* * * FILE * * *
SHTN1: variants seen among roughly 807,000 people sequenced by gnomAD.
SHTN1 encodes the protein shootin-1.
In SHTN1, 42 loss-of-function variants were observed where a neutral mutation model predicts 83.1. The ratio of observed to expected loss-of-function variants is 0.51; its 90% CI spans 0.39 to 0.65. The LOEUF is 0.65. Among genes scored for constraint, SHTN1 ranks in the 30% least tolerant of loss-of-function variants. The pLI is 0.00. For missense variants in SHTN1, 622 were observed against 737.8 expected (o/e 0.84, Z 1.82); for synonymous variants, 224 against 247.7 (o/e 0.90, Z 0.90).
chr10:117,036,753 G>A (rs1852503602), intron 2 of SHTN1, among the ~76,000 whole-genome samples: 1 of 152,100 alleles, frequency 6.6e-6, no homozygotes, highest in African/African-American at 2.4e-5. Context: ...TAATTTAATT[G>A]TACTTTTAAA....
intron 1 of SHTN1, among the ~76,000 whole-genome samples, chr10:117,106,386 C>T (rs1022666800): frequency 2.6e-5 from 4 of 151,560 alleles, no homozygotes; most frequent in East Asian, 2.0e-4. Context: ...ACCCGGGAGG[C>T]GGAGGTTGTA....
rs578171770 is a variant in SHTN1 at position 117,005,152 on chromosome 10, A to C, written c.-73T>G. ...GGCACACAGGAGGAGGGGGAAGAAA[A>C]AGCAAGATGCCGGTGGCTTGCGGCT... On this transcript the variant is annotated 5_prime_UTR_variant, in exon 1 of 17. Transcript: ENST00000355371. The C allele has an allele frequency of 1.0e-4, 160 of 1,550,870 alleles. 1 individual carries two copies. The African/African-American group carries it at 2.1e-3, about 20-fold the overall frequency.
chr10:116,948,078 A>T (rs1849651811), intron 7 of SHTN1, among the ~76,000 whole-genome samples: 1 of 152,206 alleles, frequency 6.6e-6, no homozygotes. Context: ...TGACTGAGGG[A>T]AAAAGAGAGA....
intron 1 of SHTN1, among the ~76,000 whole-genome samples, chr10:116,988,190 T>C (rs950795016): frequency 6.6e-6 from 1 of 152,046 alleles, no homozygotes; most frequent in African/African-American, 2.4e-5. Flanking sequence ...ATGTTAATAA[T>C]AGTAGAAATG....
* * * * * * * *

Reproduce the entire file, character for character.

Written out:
SHTN1: variants seen among roughly 807,000 people sequenced by gnomAD.
SHTN1 encodes the protein shootin-1.
In SHTN1, 42 loss-of-function variants were observed where a neutral mutation model predicts 83.1. The ratio of observed to expected loss-of-function variants is 0.51; its 90% CI spans 0.39 to 0.65. The LOEUF is 0.65. Among genes scored for constraint, SHTN1 ranks in the 30% least tolerant of loss-of-function variants. The pLI is 0.00. For missense variants in SHTN1, 622 were observed against 737.8 expected (o/e 0.84, Z 1.82); for synonymous variants, 224 against 247.7 (o/e 0.90, Z 0.90).
chr10:117,036,753 G>A (rs1852503602), intron 2 of SHTN1, among the ~76,000 whole-genome samples: 1 of 152,100 alleles, frequency 6.6e-6, no homozygotes, highest in African/African-American at 2.4e-5. Context: ...TAATTTAATT[G>A]TACTTTTAAA....
intron 1 of SHTN1, among the ~76,000 whole-genome samples, chr10:117,106,386 C>T (rs1022666800): frequency 2.6e-5 from 4 of 151,560 alleles, no homozygotes; most frequent in East Asian, 2.0e-4. Context: ...ACCCGGGAGG[C>T]GGAGGTTGTA....
rs578171770 is a variant in SHTN1 at position 117,005,152 on chromosome 10, A to C, written c.-73T>G. ...GGCACACAGGAGGAGGGGGAAGAAA[A>C]AGCAAGATGCCGGTGGCTTGCGGCT... On this transcript the variant is annotated 5_prime_UTR_variant, in exon 1 of 17. Transcript: ENST00000355371. The C allele has an allele frequency of 1.0e-4, 160 of 1,550,870 alleles. 1 individual carries two copies. The African/African-American group carries it at 2.1e-3, about 20-fold the overall frequency.
chr10:116,948,078 A>T (rs1849651811), intron 7 of SHTN1, among the ~76,000 whole-genome samples: 1 of 152,206 alleles, frequency 6.6e-6, no homozygotes. Context: ...TGACTGAGGG[A>T]AAAAGAGAGA....
intron 1 of SHTN1, among the ~76,000 whole-genome samples, chr10:116,988,190 T>C (rs950795016): frequency 6.6e-6 from 1 of 152,046 alleles, no homozygotes; most frequent in African/African-American, 2.4e-5. Flanking sequence ...ATGTTAATAA[T>C]AGTAGAAATG....